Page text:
Burk Parsons, a pastor from Florida, tweeted this astounding truth the other day. He said, “the gospel is only exciting for sinners”.
What a true statement. The message of the gospel, that Jesus Christ died for sinners and rose on the third day, only sounds good to those who know that they cannot save themselves. It only sounds good to those who realize their own moral bankruptcy. It is only good news to those who know that they need …good news.
In contrast, though, to those who don’t think they need saving, this same powerful message of Jesus’ death and resurrection is utterly offensive. It is demeaning. It is a slap in the face. It is an insult. Paul tells us this, saying that “the word of the cross (the gospel) is folly to those who are perishing, but to us who are being saved it is the power of God… We preach Christ crucified, a stumbling block to Jews and folly to the Gentiles” (1 Cor 1:18, 23).
Paul says that the message of Christ crucified is an offense to many.
And the reason it’s an offense is because this amazing gospel not only preaches a loving Savior who dies under our sins, but it also preaches the message that we are sinners in need of saving. The same message that shows the most incredible act of love also tells us the hardest truth: we are all sinners, worthy of wrath and condemnation for our offenses. The gospel by nature calls all people hopelessly sinful and unable to save themselves. For this reason, many respond with, “What folly! What a stumbling block! What an insult!”
Because of this, the gospel, though it is “logically” understandable, is rejected by many. But the simple fact is that if we want to be saved by Jesus, the first thing we must admit is that we are sinners. The first thing we must come clean with is the fact that we are unworthy, helpless, and in need. And it’s not until we realize our utter need before God that we can find freedom in Christ.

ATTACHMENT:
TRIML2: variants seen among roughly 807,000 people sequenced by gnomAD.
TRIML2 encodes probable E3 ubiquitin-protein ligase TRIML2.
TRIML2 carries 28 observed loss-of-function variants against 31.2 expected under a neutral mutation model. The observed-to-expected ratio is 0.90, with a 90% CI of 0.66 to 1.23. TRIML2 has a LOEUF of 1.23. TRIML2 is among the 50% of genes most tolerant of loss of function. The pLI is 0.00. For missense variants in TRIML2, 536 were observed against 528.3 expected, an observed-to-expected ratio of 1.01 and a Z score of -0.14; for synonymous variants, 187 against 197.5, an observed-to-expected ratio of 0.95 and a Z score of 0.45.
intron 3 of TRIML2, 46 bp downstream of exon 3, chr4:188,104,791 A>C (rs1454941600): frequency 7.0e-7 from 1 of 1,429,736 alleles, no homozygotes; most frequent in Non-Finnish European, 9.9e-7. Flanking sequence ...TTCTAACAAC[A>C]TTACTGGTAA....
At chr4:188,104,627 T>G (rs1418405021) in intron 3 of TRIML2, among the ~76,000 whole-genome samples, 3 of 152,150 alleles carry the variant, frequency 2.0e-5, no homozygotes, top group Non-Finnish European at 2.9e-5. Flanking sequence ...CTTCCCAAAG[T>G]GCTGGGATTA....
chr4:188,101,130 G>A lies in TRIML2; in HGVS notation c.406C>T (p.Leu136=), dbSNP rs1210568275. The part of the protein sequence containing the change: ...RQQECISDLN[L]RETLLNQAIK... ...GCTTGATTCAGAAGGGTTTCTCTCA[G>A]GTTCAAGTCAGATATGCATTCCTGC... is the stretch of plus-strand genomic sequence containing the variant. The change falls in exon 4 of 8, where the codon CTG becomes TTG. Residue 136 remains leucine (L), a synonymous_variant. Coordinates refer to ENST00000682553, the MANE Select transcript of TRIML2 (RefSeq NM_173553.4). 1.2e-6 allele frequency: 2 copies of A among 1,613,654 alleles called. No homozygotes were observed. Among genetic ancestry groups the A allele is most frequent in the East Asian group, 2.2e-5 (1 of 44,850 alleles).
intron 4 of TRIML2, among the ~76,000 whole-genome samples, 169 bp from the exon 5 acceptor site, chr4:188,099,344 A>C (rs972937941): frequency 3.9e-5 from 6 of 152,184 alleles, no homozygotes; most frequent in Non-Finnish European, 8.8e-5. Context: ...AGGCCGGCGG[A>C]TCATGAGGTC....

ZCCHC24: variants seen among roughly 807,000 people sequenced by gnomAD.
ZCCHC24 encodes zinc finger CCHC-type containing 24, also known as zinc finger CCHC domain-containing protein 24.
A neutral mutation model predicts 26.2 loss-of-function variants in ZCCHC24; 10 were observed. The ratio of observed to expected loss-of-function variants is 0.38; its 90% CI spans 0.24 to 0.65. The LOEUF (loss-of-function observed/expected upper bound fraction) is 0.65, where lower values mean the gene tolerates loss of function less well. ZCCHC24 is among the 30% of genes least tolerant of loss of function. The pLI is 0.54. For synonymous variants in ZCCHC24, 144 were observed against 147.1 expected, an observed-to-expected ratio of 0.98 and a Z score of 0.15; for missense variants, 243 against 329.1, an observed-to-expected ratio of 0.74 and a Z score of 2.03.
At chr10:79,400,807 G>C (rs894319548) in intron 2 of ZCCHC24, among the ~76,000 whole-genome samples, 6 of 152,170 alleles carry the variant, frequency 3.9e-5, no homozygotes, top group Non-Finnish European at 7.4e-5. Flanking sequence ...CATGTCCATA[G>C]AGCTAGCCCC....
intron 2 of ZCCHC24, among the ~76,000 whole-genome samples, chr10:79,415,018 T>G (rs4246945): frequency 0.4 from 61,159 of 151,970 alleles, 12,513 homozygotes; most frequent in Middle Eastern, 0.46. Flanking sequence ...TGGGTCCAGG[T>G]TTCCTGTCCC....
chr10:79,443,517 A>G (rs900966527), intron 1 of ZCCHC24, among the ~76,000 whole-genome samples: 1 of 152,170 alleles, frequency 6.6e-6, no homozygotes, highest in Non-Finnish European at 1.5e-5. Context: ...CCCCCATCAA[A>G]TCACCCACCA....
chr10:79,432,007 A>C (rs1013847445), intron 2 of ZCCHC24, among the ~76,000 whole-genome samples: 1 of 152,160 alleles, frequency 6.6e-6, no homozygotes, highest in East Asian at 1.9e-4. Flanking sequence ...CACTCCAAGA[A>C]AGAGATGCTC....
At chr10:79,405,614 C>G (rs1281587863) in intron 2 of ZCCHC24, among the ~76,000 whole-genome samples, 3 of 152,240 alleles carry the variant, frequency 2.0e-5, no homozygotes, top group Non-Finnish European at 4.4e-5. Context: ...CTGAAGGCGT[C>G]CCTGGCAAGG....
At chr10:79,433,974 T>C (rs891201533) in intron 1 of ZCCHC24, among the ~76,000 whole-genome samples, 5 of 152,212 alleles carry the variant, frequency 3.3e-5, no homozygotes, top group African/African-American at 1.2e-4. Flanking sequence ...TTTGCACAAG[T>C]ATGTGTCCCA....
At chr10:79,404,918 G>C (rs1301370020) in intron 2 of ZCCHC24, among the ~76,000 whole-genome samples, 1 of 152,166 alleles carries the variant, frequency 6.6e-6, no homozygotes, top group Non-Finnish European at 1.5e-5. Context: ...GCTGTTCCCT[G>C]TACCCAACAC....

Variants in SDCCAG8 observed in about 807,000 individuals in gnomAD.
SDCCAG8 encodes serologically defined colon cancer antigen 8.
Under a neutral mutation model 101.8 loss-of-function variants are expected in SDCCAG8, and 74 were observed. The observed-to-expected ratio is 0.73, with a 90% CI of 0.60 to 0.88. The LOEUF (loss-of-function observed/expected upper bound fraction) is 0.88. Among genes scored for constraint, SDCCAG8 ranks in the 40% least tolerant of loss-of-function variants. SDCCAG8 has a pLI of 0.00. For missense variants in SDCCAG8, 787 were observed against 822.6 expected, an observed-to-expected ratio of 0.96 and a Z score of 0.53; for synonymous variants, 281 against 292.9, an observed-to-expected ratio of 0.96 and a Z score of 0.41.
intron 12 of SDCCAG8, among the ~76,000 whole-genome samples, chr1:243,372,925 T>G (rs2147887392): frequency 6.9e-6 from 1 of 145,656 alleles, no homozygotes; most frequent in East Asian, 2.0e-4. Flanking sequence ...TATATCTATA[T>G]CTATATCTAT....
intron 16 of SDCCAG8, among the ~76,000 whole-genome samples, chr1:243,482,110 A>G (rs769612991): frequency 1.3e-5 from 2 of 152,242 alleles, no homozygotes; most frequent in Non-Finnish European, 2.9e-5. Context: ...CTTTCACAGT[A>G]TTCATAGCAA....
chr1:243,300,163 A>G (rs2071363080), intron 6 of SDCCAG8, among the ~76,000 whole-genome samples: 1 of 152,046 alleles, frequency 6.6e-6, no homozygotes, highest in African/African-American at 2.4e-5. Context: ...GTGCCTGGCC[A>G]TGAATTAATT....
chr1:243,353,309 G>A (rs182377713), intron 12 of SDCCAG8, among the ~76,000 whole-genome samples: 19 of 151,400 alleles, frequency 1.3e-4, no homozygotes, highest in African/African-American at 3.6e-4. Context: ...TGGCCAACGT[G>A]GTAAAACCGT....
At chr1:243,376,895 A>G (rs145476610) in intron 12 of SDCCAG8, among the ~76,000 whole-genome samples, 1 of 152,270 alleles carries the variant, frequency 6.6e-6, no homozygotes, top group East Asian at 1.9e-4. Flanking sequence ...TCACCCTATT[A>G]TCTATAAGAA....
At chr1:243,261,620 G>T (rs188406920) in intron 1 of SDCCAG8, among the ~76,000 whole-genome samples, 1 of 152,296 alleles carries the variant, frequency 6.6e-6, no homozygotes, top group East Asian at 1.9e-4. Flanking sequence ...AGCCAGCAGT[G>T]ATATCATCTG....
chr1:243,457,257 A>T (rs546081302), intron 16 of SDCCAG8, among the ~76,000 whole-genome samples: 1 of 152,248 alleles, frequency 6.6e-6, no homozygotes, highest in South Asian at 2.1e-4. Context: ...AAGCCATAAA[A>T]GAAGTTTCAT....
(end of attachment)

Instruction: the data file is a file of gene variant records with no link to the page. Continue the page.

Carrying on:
Paul says this in Galatians 2:17: “in our endeavor to be justified in Christ, we too were found to be sinners”. What Paul is trying to point out here is that if we would be saved by Jesus, we must first admit our need for Jesus. We must first realize our sinfulness before God before we can be saved by Christ. This is simply the way the gospel works. If you would be given the righteousness of Christ, we must see that we are in fact void of our own righteousness.
Paul realized this, and he called himself “the chief of sinners” (1 Tim 1:15). He described his own moral resume as rubbish when compared to the perfect righteousness found in Christ (Phil 3:7). He realized that even his best performance was sinful before God — and because of that, the gospel became not simply a logical concept, but a joyous and powerful salvation by the hand of God.
The gospel is only exciting for sinners, plain and simple. When we see our sinfulness before God, the gospel is changed from a mere religious doctrine to a powerful redemption. It becomes a powerful chain-breaking, righteousness-gaining, life-giving message in which all of our wretchedness is given to Christ, and all of his excellency is given to us. Who can appreciate this great deliverance but those who see their own need?
What we need is a healthy dose of reality: we are all sinners in need of rescuing. And this rescuing comes through Jesus. If we cannot admit that, the gospel will only be folly. It will be nothing but an offensive message insulting our own moral uprightness. As Luther wisely says, “a person who [thinks] that righteousness comes through [their works] does not understand what he is saying… Rather, he is deceiving himself…and in the end he brings himself to despair”.
We must realize our great sin before a great God. Then, and only then, can we joyfully take hold of the righteousness found only in Christ Jesus.